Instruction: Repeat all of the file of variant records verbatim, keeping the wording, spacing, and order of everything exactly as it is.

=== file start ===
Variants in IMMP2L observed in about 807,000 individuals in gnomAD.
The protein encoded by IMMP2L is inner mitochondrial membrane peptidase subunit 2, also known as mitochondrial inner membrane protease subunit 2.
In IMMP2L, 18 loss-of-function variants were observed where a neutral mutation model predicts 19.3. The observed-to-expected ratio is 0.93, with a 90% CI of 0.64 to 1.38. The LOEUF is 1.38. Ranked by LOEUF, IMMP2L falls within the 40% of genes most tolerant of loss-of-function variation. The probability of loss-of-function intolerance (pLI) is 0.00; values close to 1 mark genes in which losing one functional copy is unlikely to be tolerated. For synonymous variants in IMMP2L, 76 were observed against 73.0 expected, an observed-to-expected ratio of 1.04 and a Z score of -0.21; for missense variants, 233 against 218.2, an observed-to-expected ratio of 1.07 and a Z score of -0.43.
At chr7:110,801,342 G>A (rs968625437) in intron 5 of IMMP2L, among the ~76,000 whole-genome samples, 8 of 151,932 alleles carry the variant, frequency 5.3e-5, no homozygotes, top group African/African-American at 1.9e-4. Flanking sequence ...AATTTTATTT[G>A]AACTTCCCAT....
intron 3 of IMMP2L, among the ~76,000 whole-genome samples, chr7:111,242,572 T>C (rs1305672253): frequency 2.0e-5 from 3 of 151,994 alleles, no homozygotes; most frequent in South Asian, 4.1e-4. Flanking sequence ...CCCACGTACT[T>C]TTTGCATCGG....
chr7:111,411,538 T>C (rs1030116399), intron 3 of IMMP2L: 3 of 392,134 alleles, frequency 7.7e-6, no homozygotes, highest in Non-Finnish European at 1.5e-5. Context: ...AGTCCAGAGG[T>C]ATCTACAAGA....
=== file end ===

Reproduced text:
Variants in IMMP2L observed in about 807,000 individuals in gnomAD.
The protein encoded by IMMP2L is inner mitochondrial membrane peptidase subunit 2, also known as mitochondrial inner membrane protease subunit 2.
In IMMP2L, 18 loss-of-function variants were observed where a neutral mutation model predicts 19.3. The observed-to-expected ratio is 0.93, with a 90% CI of 0.64 to 1.38. The LOEUF is 1.38. Ranked by LOEUF, IMMP2L falls within the 40% of genes most tolerant of loss-of-function variation. The probability of loss-of-function intolerance (pLI) is 0.00; values close to 1 mark genes in which losing one functional copy is unlikely to be tolerated. For synonymous variants in IMMP2L, 76 were observed against 73.0 expected, an observed-to-expected ratio of 1.04 and a Z score of -0.21; for missense variants, 233 against 218.2, an observed-to-expected ratio of 1.07 and a Z score of -0.43.
At chr7:110,801,342 G>A (rs968625437) in intron 5 of IMMP2L, among the ~76,000 whole-genome samples, 8 of 151,932 alleles carry the variant, frequency 5.3e-5, no homozygotes, top group African/African-American at 1.9e-4. Flanking sequence ...AATTTTATTT[G>A]AACTTCCCAT....
intron 3 of IMMP2L, among the ~76,000 whole-genome samples, chr7:111,242,572 T>C (rs1305672253): frequency 2.0e-5 from 3 of 151,994 alleles, no homozygotes; most frequent in South Asian, 4.1e-4. Flanking sequence ...CCCACGTACT[T>C]TTTGCATCGG....
chr7:111,411,538 T>C (rs1030116399), intron 3 of IMMP2L: 3 of 392,134 alleles, frequency 7.7e-6, no homozygotes, highest in Non-Finnish European at 1.5e-5. Context: ...AGTCCAGAGG[T>C]ATCTACAAGA....